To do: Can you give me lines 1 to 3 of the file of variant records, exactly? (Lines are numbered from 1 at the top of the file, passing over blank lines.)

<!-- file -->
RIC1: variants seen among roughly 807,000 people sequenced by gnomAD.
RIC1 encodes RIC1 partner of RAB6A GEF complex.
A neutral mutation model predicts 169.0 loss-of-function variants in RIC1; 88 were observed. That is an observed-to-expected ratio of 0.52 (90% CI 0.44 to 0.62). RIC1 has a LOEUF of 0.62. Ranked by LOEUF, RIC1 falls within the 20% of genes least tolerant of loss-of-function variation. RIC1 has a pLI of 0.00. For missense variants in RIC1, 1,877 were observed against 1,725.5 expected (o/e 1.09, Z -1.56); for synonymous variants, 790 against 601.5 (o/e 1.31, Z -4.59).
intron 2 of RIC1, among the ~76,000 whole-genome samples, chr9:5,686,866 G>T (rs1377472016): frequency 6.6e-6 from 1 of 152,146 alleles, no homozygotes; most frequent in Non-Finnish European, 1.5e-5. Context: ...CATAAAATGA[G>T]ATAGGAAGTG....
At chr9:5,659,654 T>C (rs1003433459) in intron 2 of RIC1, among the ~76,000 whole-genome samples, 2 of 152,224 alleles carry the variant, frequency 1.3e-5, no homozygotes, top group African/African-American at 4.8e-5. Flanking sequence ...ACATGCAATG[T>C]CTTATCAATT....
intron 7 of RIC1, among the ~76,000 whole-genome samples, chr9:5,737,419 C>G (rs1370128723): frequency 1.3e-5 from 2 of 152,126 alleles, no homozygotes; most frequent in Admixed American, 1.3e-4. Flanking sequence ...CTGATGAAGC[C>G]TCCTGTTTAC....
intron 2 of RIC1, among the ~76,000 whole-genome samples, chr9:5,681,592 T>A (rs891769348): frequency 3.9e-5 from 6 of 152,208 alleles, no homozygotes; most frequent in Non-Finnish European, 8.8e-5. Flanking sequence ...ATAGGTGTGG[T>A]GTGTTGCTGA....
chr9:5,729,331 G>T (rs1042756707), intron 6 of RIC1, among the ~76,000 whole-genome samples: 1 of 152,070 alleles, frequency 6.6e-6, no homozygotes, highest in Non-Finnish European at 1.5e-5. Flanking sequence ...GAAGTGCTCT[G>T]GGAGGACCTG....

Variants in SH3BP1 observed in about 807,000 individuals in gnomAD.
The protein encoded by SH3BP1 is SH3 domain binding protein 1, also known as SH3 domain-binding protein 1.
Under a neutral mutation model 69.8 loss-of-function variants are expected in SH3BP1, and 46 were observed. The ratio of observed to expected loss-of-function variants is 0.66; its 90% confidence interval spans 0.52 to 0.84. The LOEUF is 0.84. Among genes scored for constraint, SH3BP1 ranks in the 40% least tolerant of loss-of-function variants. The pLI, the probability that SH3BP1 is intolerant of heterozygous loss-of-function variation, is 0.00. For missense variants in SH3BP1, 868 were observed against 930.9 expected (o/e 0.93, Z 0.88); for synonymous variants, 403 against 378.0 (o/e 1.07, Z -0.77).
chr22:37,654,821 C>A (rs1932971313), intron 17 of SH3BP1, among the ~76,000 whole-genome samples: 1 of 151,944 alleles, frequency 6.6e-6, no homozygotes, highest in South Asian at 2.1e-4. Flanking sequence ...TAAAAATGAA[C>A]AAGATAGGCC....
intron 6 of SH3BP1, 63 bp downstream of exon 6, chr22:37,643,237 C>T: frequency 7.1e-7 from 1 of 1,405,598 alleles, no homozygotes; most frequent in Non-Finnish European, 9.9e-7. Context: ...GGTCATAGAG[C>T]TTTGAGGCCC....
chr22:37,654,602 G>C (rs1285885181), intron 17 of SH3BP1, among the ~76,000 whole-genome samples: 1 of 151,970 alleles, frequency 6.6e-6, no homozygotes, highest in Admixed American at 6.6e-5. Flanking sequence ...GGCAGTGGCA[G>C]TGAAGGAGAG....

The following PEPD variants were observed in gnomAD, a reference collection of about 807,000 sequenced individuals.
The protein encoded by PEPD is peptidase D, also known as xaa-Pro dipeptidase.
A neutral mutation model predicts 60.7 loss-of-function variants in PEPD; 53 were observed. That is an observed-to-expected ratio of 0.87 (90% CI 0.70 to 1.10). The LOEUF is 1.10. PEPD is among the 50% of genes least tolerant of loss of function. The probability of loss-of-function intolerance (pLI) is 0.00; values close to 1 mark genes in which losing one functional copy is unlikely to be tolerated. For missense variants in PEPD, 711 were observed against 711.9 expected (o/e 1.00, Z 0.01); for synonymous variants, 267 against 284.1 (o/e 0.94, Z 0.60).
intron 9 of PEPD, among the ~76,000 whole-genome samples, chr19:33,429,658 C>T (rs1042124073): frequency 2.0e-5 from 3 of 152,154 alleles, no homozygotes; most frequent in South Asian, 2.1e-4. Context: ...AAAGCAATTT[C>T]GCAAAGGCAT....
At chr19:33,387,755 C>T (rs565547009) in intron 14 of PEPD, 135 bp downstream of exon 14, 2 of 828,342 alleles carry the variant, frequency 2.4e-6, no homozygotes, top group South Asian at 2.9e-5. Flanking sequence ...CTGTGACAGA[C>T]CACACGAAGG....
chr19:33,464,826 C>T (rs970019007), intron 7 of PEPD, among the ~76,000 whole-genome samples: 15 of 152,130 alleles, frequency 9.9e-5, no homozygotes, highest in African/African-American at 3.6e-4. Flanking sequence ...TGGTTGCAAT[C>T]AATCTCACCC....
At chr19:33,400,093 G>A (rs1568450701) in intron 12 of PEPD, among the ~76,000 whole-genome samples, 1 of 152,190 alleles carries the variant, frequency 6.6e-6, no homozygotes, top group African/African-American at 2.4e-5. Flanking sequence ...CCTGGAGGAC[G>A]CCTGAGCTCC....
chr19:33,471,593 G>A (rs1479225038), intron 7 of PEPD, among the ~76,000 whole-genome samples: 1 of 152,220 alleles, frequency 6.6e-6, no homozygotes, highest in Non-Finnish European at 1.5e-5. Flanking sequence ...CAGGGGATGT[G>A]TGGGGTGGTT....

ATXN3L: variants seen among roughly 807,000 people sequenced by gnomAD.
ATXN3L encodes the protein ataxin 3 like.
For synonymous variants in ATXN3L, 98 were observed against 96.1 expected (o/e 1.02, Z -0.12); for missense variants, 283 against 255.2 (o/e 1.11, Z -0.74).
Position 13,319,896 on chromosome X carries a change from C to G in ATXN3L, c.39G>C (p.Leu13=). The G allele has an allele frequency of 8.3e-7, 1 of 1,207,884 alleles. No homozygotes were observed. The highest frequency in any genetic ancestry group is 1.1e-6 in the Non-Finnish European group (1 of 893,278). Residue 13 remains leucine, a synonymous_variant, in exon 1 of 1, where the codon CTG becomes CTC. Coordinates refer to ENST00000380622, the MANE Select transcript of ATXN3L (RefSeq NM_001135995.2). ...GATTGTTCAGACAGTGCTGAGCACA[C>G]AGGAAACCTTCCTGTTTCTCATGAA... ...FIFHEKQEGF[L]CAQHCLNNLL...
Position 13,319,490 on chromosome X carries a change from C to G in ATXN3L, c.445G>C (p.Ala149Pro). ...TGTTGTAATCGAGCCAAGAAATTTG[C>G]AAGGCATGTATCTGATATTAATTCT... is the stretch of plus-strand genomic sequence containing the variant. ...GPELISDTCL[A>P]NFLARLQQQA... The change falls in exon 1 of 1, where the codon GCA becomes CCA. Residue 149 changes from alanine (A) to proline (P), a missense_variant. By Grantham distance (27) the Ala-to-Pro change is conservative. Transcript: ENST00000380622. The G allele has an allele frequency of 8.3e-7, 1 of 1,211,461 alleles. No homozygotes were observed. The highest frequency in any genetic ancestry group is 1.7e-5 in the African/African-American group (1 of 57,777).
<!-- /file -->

RIC1: variants seen among roughly 807,000 people sequenced by gnomAD.
RIC1 encodes RIC1 partner of RAB6A GEF complex.
A neutral mutation model predicts 169.0 loss-of-function variants in RIC1; 88 were observed. That is an observed-to-expected ratio of 0.52 (90% CI 0.44 to 0.62). RIC1 has a LOEUF of 0.62. Ranked by LOEUF, RIC1 falls within the 20% of genes least tolerant of loss-of-function variation. RIC1 has a pLI of 0.00. For missense variants in RIC1, 1,877 were observed against 1,725.5 expected (o/e 1.09, Z -1.56); for synonymous variants, 790 against 601.5 (o/e 1.31, Z -4.59).